Introducing Sony’s Joint Venture Label, Same Plate Entertainment

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I met Jonathan Master in person for the first time hours after Drake debuted More Life on Beats 1 Radio. No article was in the queue, but as I sat in the lobby of downtown Austin’s JW Marriott, I took mental notes of what I would ask the then-head of A&R and marketing for EMPIRE Distribution’s New York division.

Given Master’s experience in the business, and our phone conversations in the months prior, I was eager to pick the 30something-year-old’s brain about his day-to-day dealings as the manager of Grammy-nominated producer !llmind, and how the landscape for major record companies and independent artists might change over time. As our conversation continued, comments of how he might run a record label, if given the chance, surfaced. 

A year later, he got such an opportunity. In June, Master announced the formation of his Sony-backed joint venture, Same Plate Entertainment.

“The relationship between record label and artist is pretty broken,” Master said.

First on Master’s agenda as president was to alter the untrustworthy stigma that looms over the major label system its operations. It's a tall order for one startup, but the company is rooted in transparency and committed to creating an open dialogue between the artist, label, and consumer.

Additionally, the Same Plate stays away from offering 360-deals — a contract that entitles a label to profit from multiple streams of an artist’s revenue — and prefers to establish partnerships with artists. (The team even goes as far as abstaining from using the term “deal” when discussing artist agreements.)

It’s a model that has helped them sign a handful-and-a-half of budding musicians, including singer-songwriter Eza, alternative R&B crooner Ro Ransom, and lyricist Marlon Craft.

“The thing I’m actually most proud of at this point is that our artists are happy enough to where they’re telling other artists to sign here,” Master boasted.

Once artists are officially a part of the roster, they are immediately introduced to everyone on the Same Plate team, specifically commerce manager Gerard Rice.

Rice's role is integral in a business where streaming sites became the digital messiah that saved the music industry from financial demise. He produces streaming and social media analytics reports, and meticulously explains his findings to each artist on a daily basis. Analyzing and explaining data may sound drab, but the long-tail effect is more streams, fans, and ultimately more money, over time.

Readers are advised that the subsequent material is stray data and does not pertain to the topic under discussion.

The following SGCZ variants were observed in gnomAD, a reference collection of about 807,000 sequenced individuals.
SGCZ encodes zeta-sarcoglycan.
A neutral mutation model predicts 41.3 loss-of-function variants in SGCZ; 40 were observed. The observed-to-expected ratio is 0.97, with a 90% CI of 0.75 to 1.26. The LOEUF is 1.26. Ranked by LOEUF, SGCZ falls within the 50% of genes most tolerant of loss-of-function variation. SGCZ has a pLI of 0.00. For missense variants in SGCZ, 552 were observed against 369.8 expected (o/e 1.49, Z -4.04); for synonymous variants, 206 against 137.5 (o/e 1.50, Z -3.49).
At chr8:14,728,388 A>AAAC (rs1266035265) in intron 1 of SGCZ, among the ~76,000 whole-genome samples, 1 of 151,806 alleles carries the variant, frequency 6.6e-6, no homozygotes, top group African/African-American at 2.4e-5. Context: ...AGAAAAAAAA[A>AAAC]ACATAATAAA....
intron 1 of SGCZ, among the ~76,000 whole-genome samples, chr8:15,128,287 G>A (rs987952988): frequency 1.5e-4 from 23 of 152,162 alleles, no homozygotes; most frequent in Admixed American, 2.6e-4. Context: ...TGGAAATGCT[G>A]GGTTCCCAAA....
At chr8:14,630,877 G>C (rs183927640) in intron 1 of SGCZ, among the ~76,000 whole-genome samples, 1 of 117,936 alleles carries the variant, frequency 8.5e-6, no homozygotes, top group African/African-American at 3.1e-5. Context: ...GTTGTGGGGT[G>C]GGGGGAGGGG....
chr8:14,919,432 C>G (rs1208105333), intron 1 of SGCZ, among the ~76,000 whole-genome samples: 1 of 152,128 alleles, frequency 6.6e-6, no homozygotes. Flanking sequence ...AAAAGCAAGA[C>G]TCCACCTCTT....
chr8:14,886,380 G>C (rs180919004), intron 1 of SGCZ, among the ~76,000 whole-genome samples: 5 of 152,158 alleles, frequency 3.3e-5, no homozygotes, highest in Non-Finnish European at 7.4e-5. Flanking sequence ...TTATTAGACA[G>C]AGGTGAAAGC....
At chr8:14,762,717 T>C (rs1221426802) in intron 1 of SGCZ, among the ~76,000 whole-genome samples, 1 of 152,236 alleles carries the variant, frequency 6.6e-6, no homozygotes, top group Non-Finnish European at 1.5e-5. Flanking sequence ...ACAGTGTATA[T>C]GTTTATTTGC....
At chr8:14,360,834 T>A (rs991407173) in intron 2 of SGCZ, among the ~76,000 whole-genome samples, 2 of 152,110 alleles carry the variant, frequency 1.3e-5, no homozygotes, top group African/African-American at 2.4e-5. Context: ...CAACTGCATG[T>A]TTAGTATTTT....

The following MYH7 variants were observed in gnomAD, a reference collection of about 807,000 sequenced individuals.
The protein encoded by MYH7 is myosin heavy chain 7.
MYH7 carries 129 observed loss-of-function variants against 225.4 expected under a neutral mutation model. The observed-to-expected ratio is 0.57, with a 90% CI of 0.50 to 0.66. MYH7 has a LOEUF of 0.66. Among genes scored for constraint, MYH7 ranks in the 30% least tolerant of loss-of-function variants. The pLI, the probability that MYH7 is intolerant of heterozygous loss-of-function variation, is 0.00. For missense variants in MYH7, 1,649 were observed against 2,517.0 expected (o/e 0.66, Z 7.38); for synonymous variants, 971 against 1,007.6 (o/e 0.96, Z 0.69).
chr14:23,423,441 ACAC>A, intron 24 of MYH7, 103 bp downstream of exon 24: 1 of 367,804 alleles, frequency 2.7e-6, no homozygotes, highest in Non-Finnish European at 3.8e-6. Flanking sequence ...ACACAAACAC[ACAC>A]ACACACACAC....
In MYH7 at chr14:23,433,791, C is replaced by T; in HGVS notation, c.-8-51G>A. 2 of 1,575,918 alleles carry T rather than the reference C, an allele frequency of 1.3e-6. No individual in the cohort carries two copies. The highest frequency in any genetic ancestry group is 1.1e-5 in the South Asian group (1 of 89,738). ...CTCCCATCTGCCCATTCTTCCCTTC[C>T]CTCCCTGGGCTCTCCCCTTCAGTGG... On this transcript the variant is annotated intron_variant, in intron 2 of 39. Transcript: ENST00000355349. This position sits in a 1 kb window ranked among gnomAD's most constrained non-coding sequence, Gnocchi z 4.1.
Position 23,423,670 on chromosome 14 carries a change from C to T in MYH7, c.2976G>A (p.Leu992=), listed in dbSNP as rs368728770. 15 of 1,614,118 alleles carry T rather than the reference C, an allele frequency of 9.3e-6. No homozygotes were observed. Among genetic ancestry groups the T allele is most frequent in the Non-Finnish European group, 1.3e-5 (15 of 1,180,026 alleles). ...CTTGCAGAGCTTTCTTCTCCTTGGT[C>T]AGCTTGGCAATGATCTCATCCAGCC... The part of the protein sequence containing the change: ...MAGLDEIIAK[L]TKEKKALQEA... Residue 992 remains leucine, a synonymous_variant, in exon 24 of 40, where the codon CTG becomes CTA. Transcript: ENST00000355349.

Working in lockstep with Rice is digital promotions manager Andrew Master. He shoulders the responsibility of producing digestible content on the label and artist’s behalf, from vlog episodes that give glimpses into Same Plate's daily affairs to social media campaigns.

Such is the case for their one-minute video series, “By the Numbers.” Powered by social video analytics platform Delmondo, each clip colorizes the history and numerical trajectory of their artist’s songs.

Despite Same Plate's access to global distribution from The Orchard, and the opportunity to partner with Sony and RCA on select releases, the company's boutique feel is the catalyst that draws each artist to their roster.

Such is the case for UK-based artist/producer ROMderful, who recently signed with the label. He admits that one of the deciding factors was the amount of patience the Same Plate team exhibited, even through months of contract negotiations. He welcomes the idea of working with an upstart that focuses on capitalizing on a content-heavy and data-driven era.

“I feel like they’re definitely going to be very, very big pioneers if they pull this off,” ROMderful said.

Though Jay Z once compared the music business to an incessant game of musical chairs, Master hopes each artist and current staff member is still with the company in five years. 

“That would really mean we built a culture where staff and artists alike feel supported nurtured, cared for and loved, and also feel like they have the ability to grow and live out their dreams.”